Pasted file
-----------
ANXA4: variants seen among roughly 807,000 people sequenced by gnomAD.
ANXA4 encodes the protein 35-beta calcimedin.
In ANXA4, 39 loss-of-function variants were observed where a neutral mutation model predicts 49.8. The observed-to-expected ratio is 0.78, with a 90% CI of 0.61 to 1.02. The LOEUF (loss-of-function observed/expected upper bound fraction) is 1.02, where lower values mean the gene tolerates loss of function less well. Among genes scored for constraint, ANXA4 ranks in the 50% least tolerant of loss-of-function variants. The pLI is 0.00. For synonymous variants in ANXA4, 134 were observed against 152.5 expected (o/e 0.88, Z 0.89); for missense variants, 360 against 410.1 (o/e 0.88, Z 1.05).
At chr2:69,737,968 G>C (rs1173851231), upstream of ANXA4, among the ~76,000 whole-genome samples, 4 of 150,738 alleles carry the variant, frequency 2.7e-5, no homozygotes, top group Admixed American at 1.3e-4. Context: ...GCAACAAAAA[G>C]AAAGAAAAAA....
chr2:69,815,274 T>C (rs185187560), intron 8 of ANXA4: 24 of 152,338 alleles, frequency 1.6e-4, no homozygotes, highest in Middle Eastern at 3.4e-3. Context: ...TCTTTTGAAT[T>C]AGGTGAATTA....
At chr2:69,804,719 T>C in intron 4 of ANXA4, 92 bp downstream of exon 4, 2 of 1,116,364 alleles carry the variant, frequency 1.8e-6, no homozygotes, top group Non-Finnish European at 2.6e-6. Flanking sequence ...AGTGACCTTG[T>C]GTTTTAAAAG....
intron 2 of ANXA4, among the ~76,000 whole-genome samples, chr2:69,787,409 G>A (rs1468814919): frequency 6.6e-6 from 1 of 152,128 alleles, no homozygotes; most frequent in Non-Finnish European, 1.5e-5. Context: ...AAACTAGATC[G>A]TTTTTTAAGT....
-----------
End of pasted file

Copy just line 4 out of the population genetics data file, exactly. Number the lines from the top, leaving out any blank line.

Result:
At chr2:69,737,968 G>C (rs1173851231), upstream of ANXA4, among the ~76,000 whole-genome samples, 4 of 150,738 alleles carry the variant, frequency 2.7e-5, no homozygotes, top group Admixed American at 1.3e-4. Context: ...GCAACAAAAA[G>C]AAAGAAAAAA....